Don't they back port security fixes to stable branch too? I'm a testing user, so I don't follow Stable's package updates very closely.
I'm not against only back porting serious security fixes only (since both time and resources are limited, and a good trade-off is always the best choice). Just it did occurred to me that I didn't wrap my head around the details of this particular subject.
When you update Debian to a new release, you suddenly get a huge influx of changes: new Firefox, new DE, new bash, new kernel, new email client, etc. Everything gets updated at once.
It's likely that more than one thing will break your workflow, and you'll spend a significant amount of time dealing with all of those at once.
Arch just spreads that over time. Instead of having to deal with ALL of these things at once every 6 months (or every two years), I deal with tiny changes very often. It's very unlikely that both the kernel AND Firefox will have changes that affect me on the same day.
I also feel it's more sustainable to deal with small change once every couple of weeks, than huge changes twice a year. Arch is stable in that the changes per day ratio is constant over a long period of time, while's Debian is 0 changes for months, and then hundreds of changes at once.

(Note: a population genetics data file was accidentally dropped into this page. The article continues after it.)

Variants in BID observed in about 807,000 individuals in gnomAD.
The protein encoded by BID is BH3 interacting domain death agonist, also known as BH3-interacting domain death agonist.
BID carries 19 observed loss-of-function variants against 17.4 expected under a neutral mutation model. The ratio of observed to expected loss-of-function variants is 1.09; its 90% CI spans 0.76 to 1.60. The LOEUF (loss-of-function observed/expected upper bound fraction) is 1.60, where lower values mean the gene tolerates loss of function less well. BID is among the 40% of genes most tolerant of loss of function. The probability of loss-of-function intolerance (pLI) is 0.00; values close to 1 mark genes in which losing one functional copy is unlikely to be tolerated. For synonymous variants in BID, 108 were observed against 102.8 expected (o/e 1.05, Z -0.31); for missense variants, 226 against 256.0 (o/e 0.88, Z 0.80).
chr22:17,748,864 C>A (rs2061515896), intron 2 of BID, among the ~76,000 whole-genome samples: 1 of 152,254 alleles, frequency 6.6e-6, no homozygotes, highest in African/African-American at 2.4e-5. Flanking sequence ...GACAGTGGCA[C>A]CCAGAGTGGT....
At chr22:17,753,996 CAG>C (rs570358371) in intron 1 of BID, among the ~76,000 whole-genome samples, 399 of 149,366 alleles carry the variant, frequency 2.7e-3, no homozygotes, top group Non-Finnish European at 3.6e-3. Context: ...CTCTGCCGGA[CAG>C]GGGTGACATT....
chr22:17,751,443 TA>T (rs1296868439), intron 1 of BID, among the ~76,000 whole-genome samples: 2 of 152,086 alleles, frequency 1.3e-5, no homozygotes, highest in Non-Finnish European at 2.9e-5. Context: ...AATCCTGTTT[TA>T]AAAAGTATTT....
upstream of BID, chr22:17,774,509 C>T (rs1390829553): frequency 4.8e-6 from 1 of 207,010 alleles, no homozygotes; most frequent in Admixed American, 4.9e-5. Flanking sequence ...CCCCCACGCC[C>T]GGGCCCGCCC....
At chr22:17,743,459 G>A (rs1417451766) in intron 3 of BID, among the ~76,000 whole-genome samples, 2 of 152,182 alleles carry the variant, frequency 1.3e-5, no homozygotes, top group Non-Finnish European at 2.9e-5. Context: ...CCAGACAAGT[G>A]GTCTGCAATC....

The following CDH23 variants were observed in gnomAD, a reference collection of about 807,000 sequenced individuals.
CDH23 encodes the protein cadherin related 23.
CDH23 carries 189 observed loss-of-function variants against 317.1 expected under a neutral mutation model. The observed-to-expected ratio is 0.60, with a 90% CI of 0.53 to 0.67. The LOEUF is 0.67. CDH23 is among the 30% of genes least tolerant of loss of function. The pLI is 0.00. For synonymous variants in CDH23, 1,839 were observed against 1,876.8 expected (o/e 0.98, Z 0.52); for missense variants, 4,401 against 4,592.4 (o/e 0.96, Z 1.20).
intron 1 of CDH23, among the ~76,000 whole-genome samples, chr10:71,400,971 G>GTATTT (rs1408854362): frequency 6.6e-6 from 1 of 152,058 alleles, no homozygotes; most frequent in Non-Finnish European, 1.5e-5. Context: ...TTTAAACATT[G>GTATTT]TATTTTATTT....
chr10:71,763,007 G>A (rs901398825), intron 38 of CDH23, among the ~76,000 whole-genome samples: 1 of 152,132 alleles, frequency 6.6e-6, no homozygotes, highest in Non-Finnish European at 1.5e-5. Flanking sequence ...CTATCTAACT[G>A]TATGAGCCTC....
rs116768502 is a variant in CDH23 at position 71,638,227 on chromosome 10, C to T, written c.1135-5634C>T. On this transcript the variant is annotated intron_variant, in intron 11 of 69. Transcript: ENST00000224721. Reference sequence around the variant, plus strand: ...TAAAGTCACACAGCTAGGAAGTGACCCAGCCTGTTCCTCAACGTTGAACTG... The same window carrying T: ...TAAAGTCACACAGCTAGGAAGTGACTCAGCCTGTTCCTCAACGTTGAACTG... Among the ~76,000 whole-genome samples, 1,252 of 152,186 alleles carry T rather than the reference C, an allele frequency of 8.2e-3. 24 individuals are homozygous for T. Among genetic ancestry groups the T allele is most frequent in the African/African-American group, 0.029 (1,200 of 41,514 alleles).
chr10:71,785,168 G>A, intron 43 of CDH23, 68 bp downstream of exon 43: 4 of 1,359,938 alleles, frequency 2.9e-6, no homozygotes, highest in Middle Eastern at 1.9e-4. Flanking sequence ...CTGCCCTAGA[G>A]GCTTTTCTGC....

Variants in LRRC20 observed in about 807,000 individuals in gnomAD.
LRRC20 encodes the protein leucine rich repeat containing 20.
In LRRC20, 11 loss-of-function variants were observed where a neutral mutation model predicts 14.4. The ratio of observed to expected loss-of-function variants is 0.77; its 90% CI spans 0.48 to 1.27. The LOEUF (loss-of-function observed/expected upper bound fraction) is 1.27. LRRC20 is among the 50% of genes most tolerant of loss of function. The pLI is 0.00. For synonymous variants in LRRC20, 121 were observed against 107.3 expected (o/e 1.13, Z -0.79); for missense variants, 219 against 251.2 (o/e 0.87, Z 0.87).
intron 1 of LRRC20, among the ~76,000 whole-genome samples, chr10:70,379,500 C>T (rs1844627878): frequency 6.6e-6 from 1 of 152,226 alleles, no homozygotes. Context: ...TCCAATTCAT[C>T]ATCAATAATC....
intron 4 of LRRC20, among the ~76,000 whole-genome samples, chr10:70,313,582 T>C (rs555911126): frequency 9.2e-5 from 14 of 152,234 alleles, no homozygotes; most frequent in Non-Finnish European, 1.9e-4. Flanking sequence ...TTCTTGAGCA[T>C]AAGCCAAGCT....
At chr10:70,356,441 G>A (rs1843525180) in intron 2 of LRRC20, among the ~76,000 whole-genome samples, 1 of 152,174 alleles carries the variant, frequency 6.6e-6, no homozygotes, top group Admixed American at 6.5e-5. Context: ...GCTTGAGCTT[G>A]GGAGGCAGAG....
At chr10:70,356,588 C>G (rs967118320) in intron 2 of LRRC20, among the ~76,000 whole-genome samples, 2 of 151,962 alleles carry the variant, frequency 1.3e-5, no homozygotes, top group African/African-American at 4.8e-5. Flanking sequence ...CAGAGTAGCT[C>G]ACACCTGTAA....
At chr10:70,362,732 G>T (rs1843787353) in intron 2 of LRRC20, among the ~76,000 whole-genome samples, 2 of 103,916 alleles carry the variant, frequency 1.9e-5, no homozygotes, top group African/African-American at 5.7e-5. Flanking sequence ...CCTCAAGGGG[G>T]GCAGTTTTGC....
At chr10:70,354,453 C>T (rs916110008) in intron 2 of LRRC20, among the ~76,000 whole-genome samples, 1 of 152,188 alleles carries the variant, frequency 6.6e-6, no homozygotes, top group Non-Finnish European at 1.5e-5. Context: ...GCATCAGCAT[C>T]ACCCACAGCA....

I do think long term nix/guix will be the trend setters, but till then rolling release is where its at for some of us.
I also just have to say, once you get used to running the latest of everything, the pain of a more traditional distro becomes much more noticable.
One thing, all of this really makes me want to try gentoo again for a bit.
Why do you think so? We’ve never had such an easily accessible device used by so many people that routinely run untrusted code and is basically full of overly personal information and data. Yet we seldom hear security implications.
I’m no security researcher but recently taken a dive into the topic and the state of the art security research is with mobile OSs and iPhones and to a degree android (GrapheneOS itself) does a great job at it.
These constitute fairly average years (within a factor of 2) so you can reasonably expect that a similar number of defects will be discovered in their currently shipping versions by the end of the year.